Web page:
Steven Xing

Steven XingWhy computer engineering at Penn?

Computer engineering is fun, and I love the flexibility in the major. There isn’t another major where I’d have the breadth of skill to work as a webstack/mobile lead in one PennApps (Skynet Command, S’13 Top 20 overall) and then as an electrical lead a year later at another PennApps (Chirp, S’14 Top Hardware Hack).

What would you say is your favorite computer engineering class?

Of all of the classes, ESE 350 (Microcontrollers & Embedded Systems) and ESE 370 (Circuit-Level Modeling, Design, and Optimization for Digital Systems) stand out. ESE 350 is our hardware engineering class and the class I’m currently TA-ing. The core of the class is to design, implement, and polish an open-ended project based around a microcontroller of choice; there’s quite a wide range of projects at the end of the semester. My project with Patrick Wingo was a system that could detect muscle gestures and issue appropriate commands through electromyographic signal filtering. We wanted to control hardware with gestures and did so by the end of the semester.

In my opinion, ESE 370 is the most intellectually challenging class of the computer engineering curriculum. The level of focus for the class is at the transistor level, and the class depends on your ability to optimize analog circuitry to perform to digital system requirements. Dr. DeHon, CMPE’s program director, is an excellent instructor. 370’s projects have very simple objectives that lead to a great deal of thinking about combinatorial and memory designs. You learn at a very quick pace with very little wasted energy.

How would you describe the computer engineering program to friends or family who aren’t familiar with it?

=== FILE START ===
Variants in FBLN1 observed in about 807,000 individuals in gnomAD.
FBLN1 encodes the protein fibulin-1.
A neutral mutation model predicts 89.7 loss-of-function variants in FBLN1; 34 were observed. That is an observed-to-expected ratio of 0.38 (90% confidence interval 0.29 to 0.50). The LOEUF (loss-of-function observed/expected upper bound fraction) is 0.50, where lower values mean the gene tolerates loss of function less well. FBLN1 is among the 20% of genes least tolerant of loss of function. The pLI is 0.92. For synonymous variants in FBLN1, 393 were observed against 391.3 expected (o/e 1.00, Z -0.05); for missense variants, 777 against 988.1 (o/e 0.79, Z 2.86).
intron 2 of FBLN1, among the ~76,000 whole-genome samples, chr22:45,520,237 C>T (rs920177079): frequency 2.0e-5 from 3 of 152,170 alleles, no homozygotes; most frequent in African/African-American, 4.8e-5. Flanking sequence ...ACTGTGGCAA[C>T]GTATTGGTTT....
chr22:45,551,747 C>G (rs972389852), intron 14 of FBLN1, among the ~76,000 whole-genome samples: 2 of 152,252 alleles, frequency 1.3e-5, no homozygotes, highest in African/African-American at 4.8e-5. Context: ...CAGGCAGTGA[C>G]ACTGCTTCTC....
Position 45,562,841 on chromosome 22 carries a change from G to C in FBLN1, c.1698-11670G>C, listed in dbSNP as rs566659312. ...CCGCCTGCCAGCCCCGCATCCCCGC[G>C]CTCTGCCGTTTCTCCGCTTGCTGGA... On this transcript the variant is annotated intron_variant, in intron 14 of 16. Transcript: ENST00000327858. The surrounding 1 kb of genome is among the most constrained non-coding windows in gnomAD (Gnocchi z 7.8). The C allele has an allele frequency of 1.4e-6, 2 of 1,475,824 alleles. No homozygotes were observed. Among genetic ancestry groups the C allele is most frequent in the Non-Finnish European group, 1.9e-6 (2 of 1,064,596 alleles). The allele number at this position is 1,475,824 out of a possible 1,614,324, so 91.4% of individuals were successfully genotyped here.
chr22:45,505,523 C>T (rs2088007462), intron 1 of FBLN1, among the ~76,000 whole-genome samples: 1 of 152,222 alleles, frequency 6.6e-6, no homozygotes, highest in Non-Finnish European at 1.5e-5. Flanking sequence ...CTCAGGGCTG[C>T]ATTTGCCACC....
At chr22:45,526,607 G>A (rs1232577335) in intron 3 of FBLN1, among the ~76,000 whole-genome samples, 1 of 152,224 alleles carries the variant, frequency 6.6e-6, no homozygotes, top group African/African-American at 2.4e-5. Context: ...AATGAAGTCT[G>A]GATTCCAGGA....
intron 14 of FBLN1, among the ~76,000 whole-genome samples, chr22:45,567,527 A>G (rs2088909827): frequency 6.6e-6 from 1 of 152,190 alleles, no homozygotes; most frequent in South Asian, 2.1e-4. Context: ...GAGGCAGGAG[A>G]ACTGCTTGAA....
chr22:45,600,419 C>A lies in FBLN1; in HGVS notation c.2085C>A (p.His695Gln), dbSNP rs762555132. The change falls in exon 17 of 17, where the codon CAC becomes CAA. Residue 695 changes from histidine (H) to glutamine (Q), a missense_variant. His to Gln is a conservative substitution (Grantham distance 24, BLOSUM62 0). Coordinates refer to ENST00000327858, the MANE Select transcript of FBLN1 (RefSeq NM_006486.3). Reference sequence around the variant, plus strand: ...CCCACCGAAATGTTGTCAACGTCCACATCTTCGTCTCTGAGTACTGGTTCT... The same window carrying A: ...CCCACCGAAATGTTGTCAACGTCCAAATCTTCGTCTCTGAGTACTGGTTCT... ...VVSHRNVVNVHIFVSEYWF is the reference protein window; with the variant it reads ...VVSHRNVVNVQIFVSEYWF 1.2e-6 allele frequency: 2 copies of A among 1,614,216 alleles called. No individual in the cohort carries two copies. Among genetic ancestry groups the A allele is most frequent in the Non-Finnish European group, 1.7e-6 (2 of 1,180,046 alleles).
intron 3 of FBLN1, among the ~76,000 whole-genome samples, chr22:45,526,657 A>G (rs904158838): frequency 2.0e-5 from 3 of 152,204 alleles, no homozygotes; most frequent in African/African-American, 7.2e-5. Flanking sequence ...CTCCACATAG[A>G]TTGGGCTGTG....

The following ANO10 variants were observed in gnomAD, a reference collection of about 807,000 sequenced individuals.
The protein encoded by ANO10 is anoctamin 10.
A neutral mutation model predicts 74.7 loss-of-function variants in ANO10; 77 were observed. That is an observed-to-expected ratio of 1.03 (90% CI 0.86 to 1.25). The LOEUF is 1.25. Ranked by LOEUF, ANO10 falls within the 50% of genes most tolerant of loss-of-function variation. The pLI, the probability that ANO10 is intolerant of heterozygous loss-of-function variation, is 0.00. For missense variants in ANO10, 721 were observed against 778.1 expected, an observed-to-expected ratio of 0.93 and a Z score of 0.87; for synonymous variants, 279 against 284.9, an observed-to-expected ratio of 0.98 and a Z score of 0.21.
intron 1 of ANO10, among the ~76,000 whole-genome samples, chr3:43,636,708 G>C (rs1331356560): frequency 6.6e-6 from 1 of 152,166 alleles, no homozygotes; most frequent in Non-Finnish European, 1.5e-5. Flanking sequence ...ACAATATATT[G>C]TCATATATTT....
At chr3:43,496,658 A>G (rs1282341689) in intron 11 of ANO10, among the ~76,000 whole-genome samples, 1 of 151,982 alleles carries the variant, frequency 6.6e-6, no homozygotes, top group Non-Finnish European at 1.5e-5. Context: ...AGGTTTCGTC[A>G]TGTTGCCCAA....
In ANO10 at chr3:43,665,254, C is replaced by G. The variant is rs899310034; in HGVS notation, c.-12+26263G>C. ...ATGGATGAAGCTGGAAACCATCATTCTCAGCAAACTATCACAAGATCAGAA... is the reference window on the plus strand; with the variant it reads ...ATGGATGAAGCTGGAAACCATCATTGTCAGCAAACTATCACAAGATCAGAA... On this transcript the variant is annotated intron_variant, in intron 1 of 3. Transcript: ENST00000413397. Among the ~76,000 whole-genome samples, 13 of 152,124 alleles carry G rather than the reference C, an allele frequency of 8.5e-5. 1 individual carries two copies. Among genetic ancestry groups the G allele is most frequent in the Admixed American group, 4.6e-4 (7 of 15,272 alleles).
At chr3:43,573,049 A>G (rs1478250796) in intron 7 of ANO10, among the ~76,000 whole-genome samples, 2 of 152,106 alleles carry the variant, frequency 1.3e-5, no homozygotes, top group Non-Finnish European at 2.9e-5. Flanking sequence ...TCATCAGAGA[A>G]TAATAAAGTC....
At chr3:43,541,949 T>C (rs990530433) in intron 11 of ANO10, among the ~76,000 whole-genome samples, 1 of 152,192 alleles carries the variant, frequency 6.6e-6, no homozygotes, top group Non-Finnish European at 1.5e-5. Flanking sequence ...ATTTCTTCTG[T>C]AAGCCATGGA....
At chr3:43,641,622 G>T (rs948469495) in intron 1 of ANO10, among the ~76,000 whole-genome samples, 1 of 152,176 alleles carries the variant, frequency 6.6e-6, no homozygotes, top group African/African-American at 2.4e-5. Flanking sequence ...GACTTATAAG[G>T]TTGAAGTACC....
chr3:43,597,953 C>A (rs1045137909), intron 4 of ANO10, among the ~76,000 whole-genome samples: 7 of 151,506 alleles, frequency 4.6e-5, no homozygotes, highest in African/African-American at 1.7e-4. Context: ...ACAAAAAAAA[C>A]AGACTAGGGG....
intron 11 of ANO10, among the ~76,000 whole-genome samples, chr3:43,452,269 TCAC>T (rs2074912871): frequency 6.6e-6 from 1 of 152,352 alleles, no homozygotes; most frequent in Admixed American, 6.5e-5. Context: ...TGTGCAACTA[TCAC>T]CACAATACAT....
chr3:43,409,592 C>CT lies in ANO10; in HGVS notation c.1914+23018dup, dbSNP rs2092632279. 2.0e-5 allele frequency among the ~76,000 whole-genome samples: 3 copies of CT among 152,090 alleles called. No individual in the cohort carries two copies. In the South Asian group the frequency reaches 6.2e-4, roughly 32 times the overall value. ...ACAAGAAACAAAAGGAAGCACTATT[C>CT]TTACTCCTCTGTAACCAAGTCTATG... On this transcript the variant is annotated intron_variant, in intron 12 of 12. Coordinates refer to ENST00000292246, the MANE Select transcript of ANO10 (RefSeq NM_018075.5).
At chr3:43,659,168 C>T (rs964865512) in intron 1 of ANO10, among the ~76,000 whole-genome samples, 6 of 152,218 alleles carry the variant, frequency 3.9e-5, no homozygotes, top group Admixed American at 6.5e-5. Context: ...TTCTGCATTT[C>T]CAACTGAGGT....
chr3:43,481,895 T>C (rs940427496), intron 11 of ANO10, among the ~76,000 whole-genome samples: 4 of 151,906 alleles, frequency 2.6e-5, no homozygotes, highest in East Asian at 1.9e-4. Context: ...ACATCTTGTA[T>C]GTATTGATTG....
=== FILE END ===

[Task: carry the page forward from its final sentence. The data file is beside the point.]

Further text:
It’s an amalgam of both an electronics-focused EE curriculum and a CS curriculum focused less on theory compared to the CIS curriculum here at Penn.

What do you think it takes to be a “successful” computer engineer?

I’d say it’s a mixture of intellect, interest, and time. This answer will probably vary highly from person to person, though.

What internships have you done? (Or for seniors, what are you doing next year?)

For my freshman summer, I worked on a crowdsourcing startup that focused on merging statistical quality assurance with crowdsourcing platforms, starting with Amazon Mechanical Turk. My sophomore summer was spent in Mumbai at Forefront Capital Management, where I focused on development of quantitative long/short strategies and implementing high frequency trading algorithms. My junior summer will be with Intel’s New Devices Group.

What other activities do you participate in at Penn?

I’m a board member for both the Architechs – Penn’s hardware hacking club – and the Penn Wireless Club. I’m also the EVP of the Wharton Undergraduate Consulting Club, the PM of the Quantitative investment team for the Wharton Investment & Trading Group (WITG), and a senior member of the Technology, Media, and Telecom investment team for WITG.